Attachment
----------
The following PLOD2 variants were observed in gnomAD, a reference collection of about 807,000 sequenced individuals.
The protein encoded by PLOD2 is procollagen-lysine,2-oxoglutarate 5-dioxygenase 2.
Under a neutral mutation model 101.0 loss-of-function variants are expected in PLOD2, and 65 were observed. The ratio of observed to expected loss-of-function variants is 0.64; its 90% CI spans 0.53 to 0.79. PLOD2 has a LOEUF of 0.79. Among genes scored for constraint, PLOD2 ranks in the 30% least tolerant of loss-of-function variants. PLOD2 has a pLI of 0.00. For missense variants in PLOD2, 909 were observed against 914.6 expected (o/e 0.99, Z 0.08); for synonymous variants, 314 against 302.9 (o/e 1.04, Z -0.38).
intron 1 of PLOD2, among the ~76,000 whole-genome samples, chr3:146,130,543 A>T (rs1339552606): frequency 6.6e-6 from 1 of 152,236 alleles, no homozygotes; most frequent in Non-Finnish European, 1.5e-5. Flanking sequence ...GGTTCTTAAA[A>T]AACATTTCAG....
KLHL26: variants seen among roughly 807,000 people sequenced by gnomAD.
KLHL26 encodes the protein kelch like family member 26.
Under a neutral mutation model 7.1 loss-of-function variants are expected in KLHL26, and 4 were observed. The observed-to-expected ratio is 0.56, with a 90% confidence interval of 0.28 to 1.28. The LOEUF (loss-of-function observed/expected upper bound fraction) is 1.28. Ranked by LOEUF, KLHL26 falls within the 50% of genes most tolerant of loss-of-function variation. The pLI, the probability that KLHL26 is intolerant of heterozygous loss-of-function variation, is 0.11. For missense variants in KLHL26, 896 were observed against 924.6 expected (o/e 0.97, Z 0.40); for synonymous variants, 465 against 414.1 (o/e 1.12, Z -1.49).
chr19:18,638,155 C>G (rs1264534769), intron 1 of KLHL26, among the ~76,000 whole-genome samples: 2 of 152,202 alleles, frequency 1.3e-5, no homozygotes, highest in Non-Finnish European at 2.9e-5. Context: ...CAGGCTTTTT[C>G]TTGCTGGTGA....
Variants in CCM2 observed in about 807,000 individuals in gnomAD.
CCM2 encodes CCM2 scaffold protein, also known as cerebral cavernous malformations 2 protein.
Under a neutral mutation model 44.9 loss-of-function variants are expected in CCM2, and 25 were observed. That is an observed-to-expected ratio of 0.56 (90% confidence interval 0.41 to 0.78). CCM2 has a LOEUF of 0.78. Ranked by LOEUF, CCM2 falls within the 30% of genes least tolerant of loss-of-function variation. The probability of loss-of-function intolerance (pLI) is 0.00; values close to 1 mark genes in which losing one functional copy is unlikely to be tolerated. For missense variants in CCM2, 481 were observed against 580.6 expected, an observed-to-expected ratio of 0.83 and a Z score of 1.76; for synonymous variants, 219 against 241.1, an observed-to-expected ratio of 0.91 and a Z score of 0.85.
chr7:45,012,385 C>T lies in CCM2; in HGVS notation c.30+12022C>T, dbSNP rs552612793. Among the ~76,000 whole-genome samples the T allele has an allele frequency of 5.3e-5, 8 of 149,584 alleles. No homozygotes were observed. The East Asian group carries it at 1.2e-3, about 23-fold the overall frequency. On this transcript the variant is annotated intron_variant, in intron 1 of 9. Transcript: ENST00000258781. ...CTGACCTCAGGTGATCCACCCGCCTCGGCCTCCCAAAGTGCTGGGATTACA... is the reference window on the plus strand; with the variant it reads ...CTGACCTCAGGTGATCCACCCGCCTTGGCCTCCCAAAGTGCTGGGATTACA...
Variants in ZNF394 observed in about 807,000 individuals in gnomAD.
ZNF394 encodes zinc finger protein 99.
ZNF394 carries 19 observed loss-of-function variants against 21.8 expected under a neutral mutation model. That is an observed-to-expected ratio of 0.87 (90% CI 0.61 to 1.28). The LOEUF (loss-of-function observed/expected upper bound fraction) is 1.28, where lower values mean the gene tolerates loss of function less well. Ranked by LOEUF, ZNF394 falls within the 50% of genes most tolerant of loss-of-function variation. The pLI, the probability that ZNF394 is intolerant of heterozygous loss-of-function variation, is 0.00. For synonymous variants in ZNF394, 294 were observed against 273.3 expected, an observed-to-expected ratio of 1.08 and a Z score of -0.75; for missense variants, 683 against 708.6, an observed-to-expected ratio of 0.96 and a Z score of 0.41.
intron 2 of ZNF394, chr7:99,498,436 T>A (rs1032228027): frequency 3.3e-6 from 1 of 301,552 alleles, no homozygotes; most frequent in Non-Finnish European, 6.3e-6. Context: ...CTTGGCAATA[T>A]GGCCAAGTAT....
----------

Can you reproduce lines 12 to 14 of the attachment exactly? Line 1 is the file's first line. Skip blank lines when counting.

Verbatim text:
chr7:45,012,385 C>T lies in CCM2; in HGVS notation c.30+12022C>T, dbSNP rs552612793. Among the ~76,000 whole-genome samples the T allele has an allele frequency of 5.3e-5, 8 of 149,584 alleles. No homozygotes were observed. The East Asian group carries it at 1.2e-3, about 23-fold the overall frequency. On this transcript the variant is annotated intron_variant, in intron 1 of 9. Transcript: ENST00000258781. ...CTGACCTCAGGTGATCCACCCGCCTCGGCCTCCCAAAGTGCTGGGATTACA... is the reference window on the plus strand; with the variant it reads ...CTGACCTCAGGTGATCCACCCGCCTTGGCCTCCCAAAGTGCTGGGATTACA...
Variants in ZNF394 observed in about 807,000 individuals in gnomAD.
ZNF394 encodes zinc finger protein 99.